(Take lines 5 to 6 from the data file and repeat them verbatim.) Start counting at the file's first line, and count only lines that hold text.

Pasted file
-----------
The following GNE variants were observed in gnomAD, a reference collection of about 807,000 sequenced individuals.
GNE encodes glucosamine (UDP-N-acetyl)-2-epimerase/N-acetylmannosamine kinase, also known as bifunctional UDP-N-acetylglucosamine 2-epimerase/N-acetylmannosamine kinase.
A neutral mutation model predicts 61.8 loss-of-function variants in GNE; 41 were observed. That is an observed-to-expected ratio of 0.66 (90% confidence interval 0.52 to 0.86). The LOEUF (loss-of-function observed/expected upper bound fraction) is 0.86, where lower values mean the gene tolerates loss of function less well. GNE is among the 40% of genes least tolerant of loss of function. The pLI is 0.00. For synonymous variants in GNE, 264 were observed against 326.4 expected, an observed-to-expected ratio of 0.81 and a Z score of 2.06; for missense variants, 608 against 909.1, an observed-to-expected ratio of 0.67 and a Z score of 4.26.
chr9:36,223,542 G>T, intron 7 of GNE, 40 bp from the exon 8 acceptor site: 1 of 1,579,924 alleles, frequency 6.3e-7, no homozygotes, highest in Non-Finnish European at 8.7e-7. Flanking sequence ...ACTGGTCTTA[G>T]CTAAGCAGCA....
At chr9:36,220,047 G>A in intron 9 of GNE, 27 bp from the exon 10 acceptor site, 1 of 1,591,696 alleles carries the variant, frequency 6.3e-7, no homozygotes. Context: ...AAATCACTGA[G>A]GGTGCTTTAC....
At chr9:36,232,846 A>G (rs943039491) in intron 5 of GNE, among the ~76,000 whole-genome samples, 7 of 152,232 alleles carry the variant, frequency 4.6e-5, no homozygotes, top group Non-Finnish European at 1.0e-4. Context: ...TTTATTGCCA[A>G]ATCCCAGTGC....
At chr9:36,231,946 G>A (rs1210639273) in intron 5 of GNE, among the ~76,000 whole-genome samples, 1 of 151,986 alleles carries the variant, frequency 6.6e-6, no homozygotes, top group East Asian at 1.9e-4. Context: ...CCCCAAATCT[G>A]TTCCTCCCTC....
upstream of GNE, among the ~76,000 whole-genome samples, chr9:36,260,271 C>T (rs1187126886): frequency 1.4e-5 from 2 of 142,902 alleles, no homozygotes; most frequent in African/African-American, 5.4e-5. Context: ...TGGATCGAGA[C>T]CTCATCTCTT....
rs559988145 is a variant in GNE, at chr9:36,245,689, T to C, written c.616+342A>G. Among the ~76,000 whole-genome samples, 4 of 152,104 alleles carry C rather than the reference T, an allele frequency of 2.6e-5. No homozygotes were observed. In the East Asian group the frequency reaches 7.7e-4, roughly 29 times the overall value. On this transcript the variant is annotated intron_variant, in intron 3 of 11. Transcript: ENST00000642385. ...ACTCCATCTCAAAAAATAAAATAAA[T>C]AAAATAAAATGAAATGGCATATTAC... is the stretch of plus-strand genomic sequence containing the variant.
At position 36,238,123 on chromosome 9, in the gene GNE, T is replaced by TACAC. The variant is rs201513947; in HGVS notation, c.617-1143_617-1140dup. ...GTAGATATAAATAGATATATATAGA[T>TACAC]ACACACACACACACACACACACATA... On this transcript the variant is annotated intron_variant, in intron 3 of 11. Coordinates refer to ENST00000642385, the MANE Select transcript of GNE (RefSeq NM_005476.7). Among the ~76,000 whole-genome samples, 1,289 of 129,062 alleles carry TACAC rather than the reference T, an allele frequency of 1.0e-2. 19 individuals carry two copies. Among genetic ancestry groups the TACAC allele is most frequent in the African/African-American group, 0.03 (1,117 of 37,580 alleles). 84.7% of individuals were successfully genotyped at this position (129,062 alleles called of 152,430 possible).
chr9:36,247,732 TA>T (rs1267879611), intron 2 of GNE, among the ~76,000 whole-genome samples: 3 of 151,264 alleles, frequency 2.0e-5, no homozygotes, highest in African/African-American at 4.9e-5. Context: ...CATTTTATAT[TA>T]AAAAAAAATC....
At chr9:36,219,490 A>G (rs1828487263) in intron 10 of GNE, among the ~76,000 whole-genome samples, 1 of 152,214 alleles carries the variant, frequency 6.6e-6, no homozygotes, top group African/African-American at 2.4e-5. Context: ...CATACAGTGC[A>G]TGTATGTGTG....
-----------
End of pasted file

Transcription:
At chr9:36,220,047 G>A in intron 9 of GNE, 27 bp from the exon 10 acceptor site, 1 of 1,591,696 alleles carries the variant, frequency 6.3e-7, no homozygotes. Context: ...AAATCACTGA[G>A]GGTGCTTTAC....
At chr9:36,232,846 A>G (rs943039491) in intron 5 of GNE, among the ~76,000 whole-genome samples, 7 of 152,232 alleles carry the variant, frequency 4.6e-5, no homozygotes, top group Non-Finnish European at 1.0e-4. Context: ...TTTATTGCCA[A>G]ATCCCAGTGC....